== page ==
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Buyers wait for deals on wheels

Sandy Arlia believes in the power of prayer.

When it comes to buying a car for $5, though, the power of perseverance is pretty important, too.

The Holiday woman waited 17 hours at Gateway Honda in Port Richey for its $5 Sales Event. At 9 p.m. Friday, she staked out a brown 1985 Nissan Maxima, list price: $4,222. By Saturday morning, Arlia still didn't know whether the car she had picked would be one of the lucky few.

"Is this going to be a $5 car?" she wondered. "That's what I'm hoping."

Arlia and two of her children, Billy, 11, and Candra, 8, spent the night in lawn chairs, waiting for the one-day sale to begin. She wasn't alone: Many participants arrived early and, by the time Gateway started announcing prices at 10 a.m., more than 325 people had registered.

The sale worked this way: A person would pick a vehicle _ cars, boats and vans all were forsale _ and wait for the "Slasher" to mark down the listed price. The Slasher, portrayed by owner and general manager Tom Wood, zipped around the lot wearing in-line skates, a tuxedo T-shirt, top hat and sunglasses, reducing prices by thousands of dollars.

"The prices you see on the . . . side of the car are competitive," Wood said. "The point of this sale is we have too many cars. We want to liquidate our inventory." More than 100 cars were available Saturday, and six were to be sold at the special $5 price.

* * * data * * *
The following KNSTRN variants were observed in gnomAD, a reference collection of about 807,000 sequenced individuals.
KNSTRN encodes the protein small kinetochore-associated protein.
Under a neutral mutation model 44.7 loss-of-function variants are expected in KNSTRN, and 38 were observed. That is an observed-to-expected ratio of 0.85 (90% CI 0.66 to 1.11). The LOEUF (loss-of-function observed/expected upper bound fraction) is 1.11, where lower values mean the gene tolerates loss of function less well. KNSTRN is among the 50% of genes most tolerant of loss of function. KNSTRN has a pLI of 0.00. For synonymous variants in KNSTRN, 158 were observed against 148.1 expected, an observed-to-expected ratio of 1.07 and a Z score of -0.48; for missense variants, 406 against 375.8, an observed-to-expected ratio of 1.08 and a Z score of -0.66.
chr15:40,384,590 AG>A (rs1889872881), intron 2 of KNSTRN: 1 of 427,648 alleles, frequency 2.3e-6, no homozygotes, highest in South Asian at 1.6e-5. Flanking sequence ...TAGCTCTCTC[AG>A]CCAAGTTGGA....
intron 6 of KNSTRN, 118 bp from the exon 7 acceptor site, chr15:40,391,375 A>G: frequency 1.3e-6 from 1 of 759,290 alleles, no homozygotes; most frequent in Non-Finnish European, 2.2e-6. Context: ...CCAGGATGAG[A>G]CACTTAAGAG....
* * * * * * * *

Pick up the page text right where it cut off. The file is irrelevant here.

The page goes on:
The sale turned into part outdoor festival and part game show as people waited in the early morning heat for the Slasher to come by. It was up to 87 degrees when the markdowns finally began. Wood skated up to a 1987 Ford Taurus Wagon GL listed at $5,995. Cindy Krcmaric of Hudson had been waiting nearby since 7 p.m. Friday, hoping for a deal.

Wood took out his marker and wrote the new price on the windshield: $3,431, a savings of more than $2,500. It was not what she and her husband, Joe, had had in mind, however. They passed, and another buyer took the offer.

Krcmaric said she was disappointed, but "we met a lot of nice people. Yeah, I'd do it again."

The first $5 car, a 1982 Buick Regal, went to Ellen Mueller of Tarpon Springs. "Cash!" she shouted over the cheering crowd. "I'll pay cash!" The car's original price was $4,175.

"I'm buying it for my daughter," Mueller said afterward. "She got a job (Friday) and she needs a car today (Saturday)." Mueller, her husband, Kenneth, and her son Adam all had been there since about 10 p.m. Friday. The men staked out two other vehicles while she stayed with the Buick.

"We want three $5 cars," she said.

And what about Mrs. Arlia? Her waiting paid off, too.

"I got the car for $5," she said Sunday. "I didn't get home until after 2 p.m." Many of her friends from West Pasco Baptist Church were at the event and kept encouraging salespeople to get to her car. "They said, "Go down to her. She's been waiting a long time.' "

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